Check for any holes that have poked through and patch with a square of duct tape. Repeat on as MANY trees as you have bags!! A variation of a transpiration bag on a tree involves a bush.
USING A BUSH
Again, you NEED a LARGE, clear, durable plastic bag! Envelope the leaves of the bush in the bag, then gather and tie at its base.
Next, if the bush is on a slope, your collection point will be on the lowest side of the bush, AND that collection point MUST be lower than the base of the bush where you gathered and tied the bag. If the bush is on flat ground, then you'll have to dig a hold right next to the bush for a collection point.
In either case, placing a rock inside the bag will help weigh-down your collection point. If possible, it's also advisable to place something against the bush so it leans over the collection point.
Whether you use a bush or a tree, vegetation growing at lower points will likely be closer to the water table. Ideally, you want to set-up early in the morning. Then, just stay out of the sun and don't move around too much!
By evening, using this method under typical arid/desert conditions, this may produce at least a half-liter of water per setup, under ideal conditions, maybe up to about a liter, although in one experiment, a single set-up produced a GALLON of water a day for THREE STRAIT DAYS with no damage to the tree! Certainly enough to make a difference and probably life-sustaining! (which is the CORRECT standard you're looking for!!).
Just carefully untie the bag, keeping the trapped water low, DON'T SPILL IT!, carefully remove the bag and carefully pour the water into a container, and replace the bag. Of course, this means you have to PREPARE your gear accordingly with the correct plastic bags and enough cordage!!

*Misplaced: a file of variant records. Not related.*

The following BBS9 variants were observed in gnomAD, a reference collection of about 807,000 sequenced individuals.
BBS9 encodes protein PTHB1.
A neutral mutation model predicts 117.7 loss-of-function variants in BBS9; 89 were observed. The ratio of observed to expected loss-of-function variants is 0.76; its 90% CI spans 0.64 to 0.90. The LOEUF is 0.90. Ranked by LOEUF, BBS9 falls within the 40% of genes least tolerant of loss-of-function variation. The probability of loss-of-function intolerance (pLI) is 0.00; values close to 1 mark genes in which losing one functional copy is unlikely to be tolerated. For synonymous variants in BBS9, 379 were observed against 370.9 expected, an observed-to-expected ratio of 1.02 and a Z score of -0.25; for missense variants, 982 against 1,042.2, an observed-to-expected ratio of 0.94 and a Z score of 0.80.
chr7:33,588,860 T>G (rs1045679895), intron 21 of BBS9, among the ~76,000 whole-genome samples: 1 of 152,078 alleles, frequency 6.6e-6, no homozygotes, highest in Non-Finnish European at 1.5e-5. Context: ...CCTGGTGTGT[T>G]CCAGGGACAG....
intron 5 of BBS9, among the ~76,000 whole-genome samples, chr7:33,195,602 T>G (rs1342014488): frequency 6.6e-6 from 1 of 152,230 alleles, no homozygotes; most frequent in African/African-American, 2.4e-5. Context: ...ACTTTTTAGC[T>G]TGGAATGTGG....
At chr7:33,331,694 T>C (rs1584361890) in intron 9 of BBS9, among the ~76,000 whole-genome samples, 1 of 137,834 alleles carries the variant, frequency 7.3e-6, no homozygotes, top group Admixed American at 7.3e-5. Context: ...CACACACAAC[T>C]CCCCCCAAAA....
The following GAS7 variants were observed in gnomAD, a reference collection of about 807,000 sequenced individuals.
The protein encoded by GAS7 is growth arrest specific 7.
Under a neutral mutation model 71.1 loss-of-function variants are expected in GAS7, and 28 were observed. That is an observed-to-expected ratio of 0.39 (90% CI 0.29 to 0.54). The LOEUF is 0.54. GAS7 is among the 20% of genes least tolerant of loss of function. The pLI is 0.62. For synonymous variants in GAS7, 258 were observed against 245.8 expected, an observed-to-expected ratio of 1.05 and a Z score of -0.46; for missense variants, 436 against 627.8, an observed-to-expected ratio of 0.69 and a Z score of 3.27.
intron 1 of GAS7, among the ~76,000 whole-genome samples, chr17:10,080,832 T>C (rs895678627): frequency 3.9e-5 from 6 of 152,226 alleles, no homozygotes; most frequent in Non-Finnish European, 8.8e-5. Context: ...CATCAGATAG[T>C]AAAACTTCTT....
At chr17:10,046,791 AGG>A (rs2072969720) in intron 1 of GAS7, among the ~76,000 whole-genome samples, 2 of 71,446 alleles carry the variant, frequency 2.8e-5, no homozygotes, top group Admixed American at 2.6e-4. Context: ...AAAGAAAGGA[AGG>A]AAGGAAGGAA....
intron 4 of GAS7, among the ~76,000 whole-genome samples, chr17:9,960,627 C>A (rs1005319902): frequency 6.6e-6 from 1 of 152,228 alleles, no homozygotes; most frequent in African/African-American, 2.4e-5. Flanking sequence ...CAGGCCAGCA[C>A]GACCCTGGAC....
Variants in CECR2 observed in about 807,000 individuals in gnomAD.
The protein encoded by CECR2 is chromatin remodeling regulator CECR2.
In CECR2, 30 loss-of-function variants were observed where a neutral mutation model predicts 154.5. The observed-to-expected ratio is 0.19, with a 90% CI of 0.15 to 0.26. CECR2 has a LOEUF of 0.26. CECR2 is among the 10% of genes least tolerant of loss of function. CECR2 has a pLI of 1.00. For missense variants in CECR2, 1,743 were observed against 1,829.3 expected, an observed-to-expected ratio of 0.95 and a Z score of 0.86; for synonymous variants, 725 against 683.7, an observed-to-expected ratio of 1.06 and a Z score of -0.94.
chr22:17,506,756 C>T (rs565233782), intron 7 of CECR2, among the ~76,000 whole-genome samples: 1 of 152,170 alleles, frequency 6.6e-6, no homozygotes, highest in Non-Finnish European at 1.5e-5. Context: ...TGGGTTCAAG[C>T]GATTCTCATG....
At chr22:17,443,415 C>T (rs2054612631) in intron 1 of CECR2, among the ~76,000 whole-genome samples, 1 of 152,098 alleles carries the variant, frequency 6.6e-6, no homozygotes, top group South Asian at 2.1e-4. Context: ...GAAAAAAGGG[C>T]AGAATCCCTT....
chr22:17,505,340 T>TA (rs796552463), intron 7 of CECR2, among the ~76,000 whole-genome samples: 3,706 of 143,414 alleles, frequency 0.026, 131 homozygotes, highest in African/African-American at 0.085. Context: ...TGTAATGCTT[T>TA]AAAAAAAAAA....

NOTE: Some trees give-off chemicals called alkaloids (plant metabolites that have a nitrogen-containing chemical ring structure, alkali-like chemical reactivity, and pharmacologic activity) that may make the water toxic (or even "mind-altering" in some instances), eucalypts don’t, so always do your research.
Other waste products including tannins, mucilage, gum, crystals and anthocyanin are converted into insoluble compounds and deposited in dead flora tissues like the bark of trees, leaves and petals, which are shed periodically.
Always a fun experiment, tho I hope I'm never in a position to rely on it for survival!
Note: as @SurvivalGal points out, go for nice green leaves. To flesh this out: First, healthy leaves are going to be doing more work, and producing more water. But, also, plants transpire at different rates - large soft leaves are likely to be grown by plants that throw their water around and are less efficient in retaining it, and thus provide you with more. Waxy, tough, arid adapted leaves are probably going to be releasing less water, and conifers are much less water-giving than many other trees.
Individual plants can also vary: some plants have both "shade" and "sun" leaves. Typically sun leaves will be at the top/outside of the plant, smaller and tougher, and will transpire less, giving you less water. Shade leaves, because they are sheltered, are used by the plant to do the grunt work and will be giving up more water under the same heat/humidity conditions (but are overall more efficient for the plant). Also as mentioned above, being exposed to sun is important as plants use transpiration to cool their leaves and will up the rate if they are hot, so it can be extra helpful to make sure that you clear any obstructions from the leaves you bag, including exposing shade leaves if you have them. The rate at which leaves let off water can be measured and can drop to almost nothing even when the sun goes behind a cloud, so don't underestimate exposure to sunlight in increasing your yield!